June 20, 2015
by Canadian Architect
A groundbreaking exhibition at the Art Institute of Chicago features five ultra-current practitioners alongside works from its vast collection of architecture and design in Chatter: Architecture Talks Back, on view in the Architecture and Design galleries in the museum’s Modern Wing from April 11-July 12, 2015.
The exhibition focuses on the creative process of architectural firms Bureau Spectacular, Erin Besler, Fake Industries Architectural Agonism, Formlessfinder, and John Szot Studio and highlights how they conceive new designs and ideas that reflect upon and expand the legacy of their field.
The exhibition was conceived to explore the perpetual conversation between present and past in architecture: Technology has profoundly influenced society and the discipline of architecture, yet even as contemporary architects experiment with new methods and media, their work is not divorced from history; they reference, reimagine and build from the history of the field.
Chatter: Architecture Talks Back argues that the architectural past is recombined and reconveyed with modern punctuation. Chatter is the way in which contemporary conversations are created. Chatter can be critical; it can rely on and question the history of architecture. Technology impacts the way architects communicate their ideas, and in these conversations, social media, like Instagram and Twitter, serve not only as outlets for communication but provide a framework for how architects’ work is produced and presented.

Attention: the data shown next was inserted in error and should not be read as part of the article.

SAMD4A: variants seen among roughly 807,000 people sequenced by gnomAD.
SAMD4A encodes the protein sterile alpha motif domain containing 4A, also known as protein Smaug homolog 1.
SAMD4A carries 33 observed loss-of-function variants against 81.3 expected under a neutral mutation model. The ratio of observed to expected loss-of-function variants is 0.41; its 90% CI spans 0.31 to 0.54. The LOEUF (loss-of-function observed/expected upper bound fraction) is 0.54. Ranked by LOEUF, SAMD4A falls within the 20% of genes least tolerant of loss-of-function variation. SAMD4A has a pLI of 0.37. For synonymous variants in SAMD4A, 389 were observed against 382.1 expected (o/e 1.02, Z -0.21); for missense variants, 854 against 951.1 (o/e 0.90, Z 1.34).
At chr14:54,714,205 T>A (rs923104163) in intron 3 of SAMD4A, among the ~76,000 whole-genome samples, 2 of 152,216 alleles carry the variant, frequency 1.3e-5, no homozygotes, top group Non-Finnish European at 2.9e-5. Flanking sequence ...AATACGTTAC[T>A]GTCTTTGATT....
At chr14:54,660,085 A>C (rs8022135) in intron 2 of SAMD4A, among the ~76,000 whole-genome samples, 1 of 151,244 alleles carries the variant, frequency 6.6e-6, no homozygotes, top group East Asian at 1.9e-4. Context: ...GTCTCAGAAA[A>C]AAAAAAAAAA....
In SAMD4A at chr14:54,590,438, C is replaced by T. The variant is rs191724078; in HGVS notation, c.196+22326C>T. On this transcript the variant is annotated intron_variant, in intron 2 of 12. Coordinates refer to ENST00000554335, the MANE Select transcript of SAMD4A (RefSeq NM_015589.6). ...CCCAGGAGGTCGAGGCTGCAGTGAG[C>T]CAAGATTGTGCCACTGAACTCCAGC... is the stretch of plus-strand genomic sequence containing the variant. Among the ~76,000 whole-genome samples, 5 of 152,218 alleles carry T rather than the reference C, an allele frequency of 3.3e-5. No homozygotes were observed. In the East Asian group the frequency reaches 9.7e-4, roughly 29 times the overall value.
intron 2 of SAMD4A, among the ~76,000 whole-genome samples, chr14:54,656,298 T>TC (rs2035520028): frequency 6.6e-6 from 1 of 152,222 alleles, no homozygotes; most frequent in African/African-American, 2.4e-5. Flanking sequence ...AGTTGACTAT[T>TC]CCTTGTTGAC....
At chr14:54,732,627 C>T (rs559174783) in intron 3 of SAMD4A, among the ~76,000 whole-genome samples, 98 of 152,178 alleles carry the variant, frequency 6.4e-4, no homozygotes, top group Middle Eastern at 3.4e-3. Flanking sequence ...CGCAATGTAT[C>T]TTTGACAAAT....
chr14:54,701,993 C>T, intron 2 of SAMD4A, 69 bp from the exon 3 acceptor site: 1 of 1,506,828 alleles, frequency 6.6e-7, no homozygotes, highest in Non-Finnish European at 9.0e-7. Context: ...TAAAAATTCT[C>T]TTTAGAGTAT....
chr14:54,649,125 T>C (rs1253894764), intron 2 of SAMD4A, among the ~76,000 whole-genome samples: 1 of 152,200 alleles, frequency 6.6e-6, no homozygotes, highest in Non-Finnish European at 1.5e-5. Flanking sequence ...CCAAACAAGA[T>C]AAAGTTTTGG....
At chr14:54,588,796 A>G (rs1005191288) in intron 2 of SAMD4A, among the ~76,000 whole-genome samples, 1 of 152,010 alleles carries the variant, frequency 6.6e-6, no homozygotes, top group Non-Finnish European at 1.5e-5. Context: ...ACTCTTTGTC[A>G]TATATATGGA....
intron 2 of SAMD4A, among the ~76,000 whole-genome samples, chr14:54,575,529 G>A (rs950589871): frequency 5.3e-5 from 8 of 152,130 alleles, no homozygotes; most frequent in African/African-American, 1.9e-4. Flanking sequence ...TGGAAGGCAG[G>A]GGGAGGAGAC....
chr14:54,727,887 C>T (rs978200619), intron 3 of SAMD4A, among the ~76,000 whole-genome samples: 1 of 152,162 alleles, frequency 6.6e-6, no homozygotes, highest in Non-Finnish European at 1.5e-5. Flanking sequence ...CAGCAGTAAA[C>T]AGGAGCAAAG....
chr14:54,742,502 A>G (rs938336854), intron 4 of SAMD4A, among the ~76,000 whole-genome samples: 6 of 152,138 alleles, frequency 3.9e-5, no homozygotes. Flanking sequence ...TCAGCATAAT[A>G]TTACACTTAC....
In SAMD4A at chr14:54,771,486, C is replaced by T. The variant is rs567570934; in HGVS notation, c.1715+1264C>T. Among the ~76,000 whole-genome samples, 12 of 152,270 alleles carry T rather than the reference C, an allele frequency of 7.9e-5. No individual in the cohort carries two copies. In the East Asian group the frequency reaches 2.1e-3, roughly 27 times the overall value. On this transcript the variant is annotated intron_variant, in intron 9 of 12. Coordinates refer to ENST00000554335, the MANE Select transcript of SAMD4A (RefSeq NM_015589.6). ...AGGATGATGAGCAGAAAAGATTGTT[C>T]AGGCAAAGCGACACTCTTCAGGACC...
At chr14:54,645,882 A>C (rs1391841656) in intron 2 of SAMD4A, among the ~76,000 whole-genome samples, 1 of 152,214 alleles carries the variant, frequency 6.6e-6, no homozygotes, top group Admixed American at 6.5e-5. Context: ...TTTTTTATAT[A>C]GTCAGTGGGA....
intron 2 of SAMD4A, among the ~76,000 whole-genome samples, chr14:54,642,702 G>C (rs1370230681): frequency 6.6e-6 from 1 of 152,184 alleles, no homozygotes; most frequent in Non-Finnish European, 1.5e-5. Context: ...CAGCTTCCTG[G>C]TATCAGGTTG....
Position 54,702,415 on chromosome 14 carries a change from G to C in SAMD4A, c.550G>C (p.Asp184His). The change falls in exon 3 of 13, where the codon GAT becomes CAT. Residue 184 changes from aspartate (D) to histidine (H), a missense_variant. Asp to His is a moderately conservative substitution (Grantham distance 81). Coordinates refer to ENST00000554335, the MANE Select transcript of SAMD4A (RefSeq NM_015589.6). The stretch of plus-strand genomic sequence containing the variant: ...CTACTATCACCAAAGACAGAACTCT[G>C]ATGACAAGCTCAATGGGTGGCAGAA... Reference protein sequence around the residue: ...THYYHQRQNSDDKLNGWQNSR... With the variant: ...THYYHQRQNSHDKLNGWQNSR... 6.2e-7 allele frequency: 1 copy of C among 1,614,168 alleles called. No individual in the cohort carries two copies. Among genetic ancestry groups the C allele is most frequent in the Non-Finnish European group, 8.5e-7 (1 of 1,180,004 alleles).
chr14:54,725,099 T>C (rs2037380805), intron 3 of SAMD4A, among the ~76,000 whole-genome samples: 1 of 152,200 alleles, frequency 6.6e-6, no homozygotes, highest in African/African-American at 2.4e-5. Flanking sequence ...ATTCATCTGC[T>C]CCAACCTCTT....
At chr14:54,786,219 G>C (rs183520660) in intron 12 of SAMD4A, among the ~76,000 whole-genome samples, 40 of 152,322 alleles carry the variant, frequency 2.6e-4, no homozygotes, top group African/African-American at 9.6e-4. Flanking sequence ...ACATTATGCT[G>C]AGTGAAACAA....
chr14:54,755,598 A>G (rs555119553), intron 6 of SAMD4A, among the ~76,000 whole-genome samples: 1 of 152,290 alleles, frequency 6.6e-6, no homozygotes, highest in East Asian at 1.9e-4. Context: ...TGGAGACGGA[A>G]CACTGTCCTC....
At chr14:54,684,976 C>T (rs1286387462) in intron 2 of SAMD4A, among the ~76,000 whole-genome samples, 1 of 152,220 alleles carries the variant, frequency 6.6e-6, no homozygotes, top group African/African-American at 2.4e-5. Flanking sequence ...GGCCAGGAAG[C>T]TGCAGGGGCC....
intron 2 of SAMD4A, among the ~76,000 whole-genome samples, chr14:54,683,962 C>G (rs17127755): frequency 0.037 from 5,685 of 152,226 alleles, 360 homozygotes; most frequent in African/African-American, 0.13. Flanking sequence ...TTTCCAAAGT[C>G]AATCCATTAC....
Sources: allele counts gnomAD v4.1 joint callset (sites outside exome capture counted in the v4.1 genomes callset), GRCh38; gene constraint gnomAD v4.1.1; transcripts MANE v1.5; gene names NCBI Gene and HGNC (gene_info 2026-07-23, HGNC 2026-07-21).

This exhibition looks to inspire audiences to understand how new ideas in architecture develop, what context stimulates the open-ended dialogue, and how contemporary society has influenced communication. Using a range of representational methods and formats, from drawings done by hand to those enabled by robots, from graphic novels to digital simulations, the works on view embrace both age-old and cutting-edge technologies and invite the audience to engage with the architectonic timeline. The architects featured in this exhibition exemplify how chatter can be linked to current practices in architecture.
For more information, please visit www.artic.edu/exhibition/chatter-architecture-talks-back
chatter: architecture talks back